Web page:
New Day – new city. Datong
Up at the crack of dawn, we were ready and waiting for Lucas, our guide for the next few days. No sign of our transport though. There was a marathon on and the old town was in lockdown. Not a major problem, because there was loads of stuff to see but a short walk from the hotel. All the historic stuff had been built within spitting distance of our luxurious abode. I know, because I saw someone spit that far. They do like a good spit the Chinese.
As we walked towards Buddhist temple number one several athletes on course to break their personal record paused to have a selfie taken with the European bearded ladies and the blonde giants (I might have got that the wrong way around).
Lucas ushers us into the temple and commences what would turn out to be an extensive idiots guide to Buddhism. The centre piece of this site is over a thousand years old. Although many of the buildings in the complex are less than a decade old. It is difficult to tell the difference between faux and the real McCoy.
Whilst the old town looks like Shangri-La, it is controversial. Many of the locals living in the old town have been evicted in recent years. Modern buildings bulldozed to make way for ancient pagodas. But tourism is being used to fill a gap created by the closing g down of the local industry.
Datong has for many years relied on coal mining for employment. Now, in an effort to move away from fossil fuels, the mines are being closed down. As we walk to our next site of interest I chat with Lucas, telling him of how the coal mines of South Wales have also been shut down. Not for any environmental reasons though, but as part of Thatcher’s bid to neuter the trade unions.
Lucas is keen to learn more of my thoughts on Thatcher as we wander on to the subject of privatisation, Reganomics, globalisation and socialism. Lucas himself becomes a major part of the tour, as we spend the day exchanging ideas on culture and politics. The Welsh language, family values, beer drinking, Brexit and racism in Alabama are just a few of the topics covered. (Lucas has spent twelve years living in Alabama, returning with three degrees under his belt).
We stop off at a nine dragon screen. A large mural wall with nine dragons on. It dates back to the Ming dynasty, but for reasons I have failed to retain, it has been moved a hundred yards from it’s original location. It has a nice little courtyard in front of it and a little old lady selling Chairman Mao playing cards for a quid. None of us were mug enough to buy a pack. Well, we all bought a pack actually.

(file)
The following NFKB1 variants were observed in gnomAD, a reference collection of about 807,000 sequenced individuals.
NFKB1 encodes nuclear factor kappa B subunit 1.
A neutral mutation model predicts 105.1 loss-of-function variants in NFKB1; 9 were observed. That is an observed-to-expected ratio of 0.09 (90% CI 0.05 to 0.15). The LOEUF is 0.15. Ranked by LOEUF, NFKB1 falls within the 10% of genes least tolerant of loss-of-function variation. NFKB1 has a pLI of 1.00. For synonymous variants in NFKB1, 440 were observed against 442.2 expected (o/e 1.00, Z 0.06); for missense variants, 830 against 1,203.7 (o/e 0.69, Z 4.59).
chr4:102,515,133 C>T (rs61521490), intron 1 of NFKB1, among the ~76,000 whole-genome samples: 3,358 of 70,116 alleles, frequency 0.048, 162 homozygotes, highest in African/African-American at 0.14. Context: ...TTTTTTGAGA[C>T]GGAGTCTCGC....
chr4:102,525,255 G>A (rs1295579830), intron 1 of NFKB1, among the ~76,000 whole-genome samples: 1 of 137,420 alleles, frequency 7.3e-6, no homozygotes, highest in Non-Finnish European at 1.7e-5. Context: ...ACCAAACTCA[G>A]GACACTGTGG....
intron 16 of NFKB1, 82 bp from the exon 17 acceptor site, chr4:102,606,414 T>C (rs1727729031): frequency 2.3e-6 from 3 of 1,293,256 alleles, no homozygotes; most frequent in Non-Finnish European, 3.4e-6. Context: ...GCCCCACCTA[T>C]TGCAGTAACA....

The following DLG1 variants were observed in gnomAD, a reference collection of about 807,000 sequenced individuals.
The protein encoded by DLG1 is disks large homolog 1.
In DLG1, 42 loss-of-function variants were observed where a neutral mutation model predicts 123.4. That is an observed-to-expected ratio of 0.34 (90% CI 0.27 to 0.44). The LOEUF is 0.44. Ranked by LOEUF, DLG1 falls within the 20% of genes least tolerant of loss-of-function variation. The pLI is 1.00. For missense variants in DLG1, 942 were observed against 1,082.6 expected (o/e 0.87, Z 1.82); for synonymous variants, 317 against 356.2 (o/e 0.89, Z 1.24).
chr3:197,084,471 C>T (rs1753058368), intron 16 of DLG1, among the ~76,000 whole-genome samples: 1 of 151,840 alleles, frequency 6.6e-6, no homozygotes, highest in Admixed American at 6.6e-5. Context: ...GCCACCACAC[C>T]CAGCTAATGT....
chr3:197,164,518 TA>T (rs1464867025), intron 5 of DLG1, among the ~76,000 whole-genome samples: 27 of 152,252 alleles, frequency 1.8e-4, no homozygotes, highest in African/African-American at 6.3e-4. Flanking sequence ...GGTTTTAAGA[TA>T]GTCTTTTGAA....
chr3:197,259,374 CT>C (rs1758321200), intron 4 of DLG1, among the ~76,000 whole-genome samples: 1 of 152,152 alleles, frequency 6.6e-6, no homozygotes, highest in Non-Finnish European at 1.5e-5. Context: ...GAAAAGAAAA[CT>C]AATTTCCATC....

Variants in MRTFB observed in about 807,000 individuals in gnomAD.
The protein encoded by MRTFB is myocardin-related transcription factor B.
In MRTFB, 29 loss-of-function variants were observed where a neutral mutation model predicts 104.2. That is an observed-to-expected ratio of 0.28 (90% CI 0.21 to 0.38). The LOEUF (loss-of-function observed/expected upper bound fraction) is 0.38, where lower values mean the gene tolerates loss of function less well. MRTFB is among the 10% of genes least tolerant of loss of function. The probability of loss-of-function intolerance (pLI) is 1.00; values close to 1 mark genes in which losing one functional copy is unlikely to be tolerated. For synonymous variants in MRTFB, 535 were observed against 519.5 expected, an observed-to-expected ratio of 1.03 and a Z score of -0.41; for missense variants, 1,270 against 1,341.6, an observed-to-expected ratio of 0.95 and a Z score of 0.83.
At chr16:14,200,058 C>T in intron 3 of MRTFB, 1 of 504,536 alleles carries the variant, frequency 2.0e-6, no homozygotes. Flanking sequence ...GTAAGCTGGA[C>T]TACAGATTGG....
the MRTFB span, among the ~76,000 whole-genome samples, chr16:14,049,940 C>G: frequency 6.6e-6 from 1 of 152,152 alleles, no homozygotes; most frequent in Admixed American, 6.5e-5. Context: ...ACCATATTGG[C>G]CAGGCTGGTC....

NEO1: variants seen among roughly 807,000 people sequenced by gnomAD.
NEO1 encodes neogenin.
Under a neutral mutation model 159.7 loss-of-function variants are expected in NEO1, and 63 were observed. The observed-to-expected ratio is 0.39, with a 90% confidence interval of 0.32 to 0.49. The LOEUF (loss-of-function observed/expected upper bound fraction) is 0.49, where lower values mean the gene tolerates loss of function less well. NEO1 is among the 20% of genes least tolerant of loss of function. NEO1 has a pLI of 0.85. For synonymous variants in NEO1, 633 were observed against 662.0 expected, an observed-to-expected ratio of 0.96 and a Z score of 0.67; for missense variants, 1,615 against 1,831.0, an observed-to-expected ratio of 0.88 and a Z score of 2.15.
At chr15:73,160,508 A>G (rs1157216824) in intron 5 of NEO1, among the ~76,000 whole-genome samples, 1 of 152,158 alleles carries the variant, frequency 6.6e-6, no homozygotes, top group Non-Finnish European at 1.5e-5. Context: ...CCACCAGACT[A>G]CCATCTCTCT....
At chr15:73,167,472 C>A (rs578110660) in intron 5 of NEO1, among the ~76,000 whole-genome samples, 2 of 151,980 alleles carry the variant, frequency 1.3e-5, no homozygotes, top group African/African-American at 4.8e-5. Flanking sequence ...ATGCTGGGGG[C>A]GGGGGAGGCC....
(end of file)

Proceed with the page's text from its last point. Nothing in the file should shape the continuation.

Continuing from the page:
“Not another temple”, we all cried, but were soon rushing up the stairs of a multi storey pagoda to admire the views of the old city, including the ancient city wall (completed in 2018).
Down in the basement the walls, floor and ceiling are covered in copper and amongst the copper Buddhas are little copper earns containing the remains of deceased monks.
We then head out of the old city and stop of at a restaurant for a smorgasbord of unidentifiable dishes, including many that we are advised contain pork, although which bit of the pig is unclear. Frustratingly we are not sure how many dishes will be served so we get stuck into whatever is put in front of us. Eventually we have our fill but the dishes keep coming.
It is weird. Back home we would not entertain using chopsticks but out here knives and forks don’t enter our heads and just get stuck in with the traditional local eating irons.
More temples in the afternoon. But with a difference. We head for the UNESCO world heritage site of the Yungang Grottoes. Fifty Three grottoes with 51,000 statues, dating back to the 5th and 6th century. A staggering feat of craftsmanship with temples and Buddha’s carved into the face of the cliff. Whilst none of us are religious, we can’t help but admire the craftsmanship and dedication that was required to build these grottoes. Although, we do wonder which one Santa is hiding in.
On return to the hotel I rush out to try to catch sunset on the city wall. Getting onto the wall was not as simple as I had anticipated. First I went through a gate into a ‘Castle Black’ type set up (see Game of Thrones). In the first courtyard there is a market selling tacky shit. I then have to go into a second courtyard which is occupied by a tacky fun fair. I finally ascended the wall and start firing off shots with the camera.
I had missed the sunset by two or three minutes but manage to catch the red sky behind the skyscrapers that frame modern Datong. As I walk along the wide city walls I curse missing the sunset by such a short margin but the towers that break up the line of the wall soon start to flicker into light and a whole new visual feast is unveiled.
It was lucky that I had gone out on my own. I spent two hours playing with different lenses, apertures, and shutter speeds etc. Towards the end of my walk I spot a huge red super moon and try to capture the new ancient wall, the modern tower blocks and the Asian full moon all in one shot. I have no idea how it will turn out but it reminds me how much I still have to learn about my camera. Am I boring you yet? That’s why I went out on my own.
Then I check out the pub to see if there is anyone I know in there. There is.
When we get back to the hotel good old CNN keeps us abreast of what is going on in the world. Apparently, due to Asian Swine Flu the government have opened up the big freezer to keep supplies of pork in the shops. This might explain the abundance of pork related dishes for lunch.
Also in the news is the story that Churchill’s solid gold bog has been nicked from a museum. I check out our bathroom to make sure our heated toilet, with automatic flush and bidet is still there.